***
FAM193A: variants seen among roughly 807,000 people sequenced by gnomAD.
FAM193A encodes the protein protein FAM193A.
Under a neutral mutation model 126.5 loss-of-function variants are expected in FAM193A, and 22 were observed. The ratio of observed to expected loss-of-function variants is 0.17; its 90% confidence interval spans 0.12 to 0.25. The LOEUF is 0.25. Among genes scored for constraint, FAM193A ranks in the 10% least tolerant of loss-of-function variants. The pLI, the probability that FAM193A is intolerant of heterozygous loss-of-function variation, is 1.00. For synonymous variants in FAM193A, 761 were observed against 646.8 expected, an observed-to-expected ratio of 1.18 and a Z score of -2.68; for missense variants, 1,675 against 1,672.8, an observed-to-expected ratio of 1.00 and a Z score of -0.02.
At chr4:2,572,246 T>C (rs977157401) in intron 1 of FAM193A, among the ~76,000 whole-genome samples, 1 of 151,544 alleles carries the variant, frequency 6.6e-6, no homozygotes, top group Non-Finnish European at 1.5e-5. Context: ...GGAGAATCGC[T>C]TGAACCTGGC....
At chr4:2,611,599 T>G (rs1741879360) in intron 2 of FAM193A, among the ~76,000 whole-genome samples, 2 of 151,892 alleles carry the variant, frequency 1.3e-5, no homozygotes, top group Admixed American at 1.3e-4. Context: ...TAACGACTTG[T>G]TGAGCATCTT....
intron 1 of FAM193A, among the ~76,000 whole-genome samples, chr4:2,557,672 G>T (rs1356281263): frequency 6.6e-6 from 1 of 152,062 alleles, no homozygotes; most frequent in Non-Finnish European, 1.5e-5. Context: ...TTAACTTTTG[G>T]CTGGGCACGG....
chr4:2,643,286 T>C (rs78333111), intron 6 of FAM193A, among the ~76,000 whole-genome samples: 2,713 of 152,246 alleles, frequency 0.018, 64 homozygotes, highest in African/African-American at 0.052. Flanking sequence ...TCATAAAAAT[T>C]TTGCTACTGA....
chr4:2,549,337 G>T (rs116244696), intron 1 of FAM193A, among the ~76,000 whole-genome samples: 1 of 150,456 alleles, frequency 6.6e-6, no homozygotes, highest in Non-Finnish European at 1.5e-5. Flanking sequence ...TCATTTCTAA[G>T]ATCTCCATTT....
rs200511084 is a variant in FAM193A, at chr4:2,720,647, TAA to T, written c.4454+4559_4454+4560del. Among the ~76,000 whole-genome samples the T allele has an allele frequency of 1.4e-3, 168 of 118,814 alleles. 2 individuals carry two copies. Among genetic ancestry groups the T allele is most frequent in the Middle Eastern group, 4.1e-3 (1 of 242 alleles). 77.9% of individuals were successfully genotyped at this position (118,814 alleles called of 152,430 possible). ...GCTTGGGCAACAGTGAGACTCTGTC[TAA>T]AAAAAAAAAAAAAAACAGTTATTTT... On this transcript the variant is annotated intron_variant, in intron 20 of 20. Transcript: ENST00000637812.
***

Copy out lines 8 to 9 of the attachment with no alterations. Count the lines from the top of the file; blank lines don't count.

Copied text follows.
chr4:2,549,337 G>T (rs116244696), intron 1 of FAM193A, among the ~76,000 whole-genome samples: 1 of 150,456 alleles, frequency 6.6e-6, no homozygotes, highest in Non-Finnish European at 1.5e-5. Flanking sequence ...TCATTTCTAA[G>T]ATCTCCATTT....
rs200511084 is a variant in FAM193A, at chr4:2,720,647, TAA to T, written c.4454+4559_4454+4560del. Among the ~76,000 whole-genome samples the T allele has an allele frequency of 1.4e-3, 168 of 118,814 alleles. 2 individuals carry two copies. Among genetic ancestry groups the T allele is most frequent in the Middle Eastern group, 4.1e-3 (1 of 242 alleles). 77.9% of individuals were successfully genotyped at this position (118,814 alleles called of 152,430 possible). ...GCTTGGGCAACAGTGAGACTCTGTC[TAA>T]AAAAAAAAAAAAAAACAGTTATTTT... On this transcript the variant is annotated intron_variant, in intron 20 of 20. Transcript: ENST00000637812.